The Sena’s demand also drew flak from Bihar Chief Minister Jitan Ram Manjhi and Mahatma Gandhi’s great grandson Tushar Gandhi who described it as “destructive”, “reprehensible” and “contemptuous statement made out of ignorance and bigotry” while Samajwadi Party said it is “unfortunate” and would send a wrong message to the world.
Trying to play down the issue, Union Minister M Venkaiah Naidu said the government was “committed to secularism” and “there is no thinking of removing it” from the Preamble of the Constitution.
“We are committed to secularism. There is no problem about it. And there is no thinking to remove it also,” the Union Housing and Poverty Alleviation Minister told reporters, when his views were sought on the matter.
He said, “secularism is there in the blood of Indian people that’s part of our culture. It was not there in original Preamble and it was inserted during Emergency but government advertisement was about the original Preamble and we are committed to secularism and we don’t have any idea to drop it.”
PMK expressed shock over the Government’s suggestion for a debate on the Preamble after the Sena demand in the wake of its controversial advertisement and sought to remind it that it had sailed to power on the development plank and it should stick to the same.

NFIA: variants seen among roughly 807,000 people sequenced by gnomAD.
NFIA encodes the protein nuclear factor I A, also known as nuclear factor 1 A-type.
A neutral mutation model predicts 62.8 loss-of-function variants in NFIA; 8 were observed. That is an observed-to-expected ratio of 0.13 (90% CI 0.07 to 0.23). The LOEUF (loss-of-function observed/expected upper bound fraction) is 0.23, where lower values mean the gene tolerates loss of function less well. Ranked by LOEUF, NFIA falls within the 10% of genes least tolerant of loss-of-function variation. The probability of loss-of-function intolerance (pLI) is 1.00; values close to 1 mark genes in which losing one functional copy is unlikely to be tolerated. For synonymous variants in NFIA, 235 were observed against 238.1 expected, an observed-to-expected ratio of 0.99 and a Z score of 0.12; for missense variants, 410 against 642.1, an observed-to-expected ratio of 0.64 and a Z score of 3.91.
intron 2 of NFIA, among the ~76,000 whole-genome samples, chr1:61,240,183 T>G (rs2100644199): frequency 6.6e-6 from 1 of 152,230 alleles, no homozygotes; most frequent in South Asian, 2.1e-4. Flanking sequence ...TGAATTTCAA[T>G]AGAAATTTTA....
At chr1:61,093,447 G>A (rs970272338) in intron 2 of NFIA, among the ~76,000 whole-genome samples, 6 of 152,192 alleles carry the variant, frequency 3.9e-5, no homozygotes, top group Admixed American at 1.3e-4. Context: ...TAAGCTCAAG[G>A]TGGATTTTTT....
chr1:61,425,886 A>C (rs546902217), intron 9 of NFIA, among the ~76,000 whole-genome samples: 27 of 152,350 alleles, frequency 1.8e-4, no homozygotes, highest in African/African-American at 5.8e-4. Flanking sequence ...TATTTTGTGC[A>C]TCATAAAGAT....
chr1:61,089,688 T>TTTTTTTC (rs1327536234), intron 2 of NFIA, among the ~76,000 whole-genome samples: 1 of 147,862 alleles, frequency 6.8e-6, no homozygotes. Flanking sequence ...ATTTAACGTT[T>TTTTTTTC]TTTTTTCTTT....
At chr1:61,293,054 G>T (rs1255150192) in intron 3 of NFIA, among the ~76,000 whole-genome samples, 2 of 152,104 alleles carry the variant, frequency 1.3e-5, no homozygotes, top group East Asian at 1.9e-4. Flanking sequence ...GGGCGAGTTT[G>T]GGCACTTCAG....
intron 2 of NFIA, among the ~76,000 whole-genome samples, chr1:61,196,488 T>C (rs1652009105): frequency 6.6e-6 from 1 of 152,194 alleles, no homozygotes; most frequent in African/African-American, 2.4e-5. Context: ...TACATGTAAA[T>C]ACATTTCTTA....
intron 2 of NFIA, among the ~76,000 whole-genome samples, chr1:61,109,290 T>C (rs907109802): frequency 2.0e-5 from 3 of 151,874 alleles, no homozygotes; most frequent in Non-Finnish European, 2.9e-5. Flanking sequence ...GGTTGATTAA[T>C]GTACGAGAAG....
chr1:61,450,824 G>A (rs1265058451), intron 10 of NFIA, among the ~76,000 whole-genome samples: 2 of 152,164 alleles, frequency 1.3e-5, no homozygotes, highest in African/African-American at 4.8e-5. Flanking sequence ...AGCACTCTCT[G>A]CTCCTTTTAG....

“Shiv Sena’s demand for dropping the words socialist and secular from the Preamble to the Constitution and Union IT Minister Ravishankar Prasad’s statement that it should be debated is shocking,” PMK founder S Ramadoss said in Chennai.
Ramadoss said Prasad’s statement that government had a plan to to use the original Preamble, which did not have the words ‘secular’ and ‘socialist’, was ‘not right’.
He voiced doubts if the advertisement, which had carried a picture of the Preamble as it appeared before the 42nd Amendment without the words was a ‘planned’ affair.
“Socialism and secularism are the fundamental identities of this country and should continue so forever. The words should continue (in the pictures) and none in India should think of changing them. Debates in this regard are unnecessary,” he said in a statement.
In Patna, Manjhi said “Some people are saying secularism is not needed and India should forget about it. This is very worrying.”
“Mahatma Gandhi always spoke about co-existence, but have we become so insensitive that we can say secularism is not needed,” the chief minister added.
Tushar, who is also the Managing Trustee of Mahatma Gandhi Foundation, stressed on the need for secularism, diversity and plurality in the country.
“Such a demand is reprehensible. It is a contemptuous statement made out of ignorance and bigotry. Leave alone pursuing, it should not be given importance by anybody,” he told reporters reacting to the Sena demand.
Taking strong exception to the Sena demand, Samajwadi Party said it is “unfortunate” and that it would give out a wrong message to the world.
“Even thinking of deleting words secular and socialist is saddening and unfortunate. This could not be a mere coincidence that the Centre deleted the words in its ads and its ally Shiv Sena saying that these two words can be permanently dropped from the Preamble. This is an insult to freedom fighters, who had a dream to see India as a socialist country,” SP leader Shivapal Yadav told reporters in Lucknow.
Prasad yesterday indicated that the government wanted a debate on whether the words “socialist and secular” should remain in the Preamble. “What is wrong if there is a debate on these two words? Let us see what the nation wants.”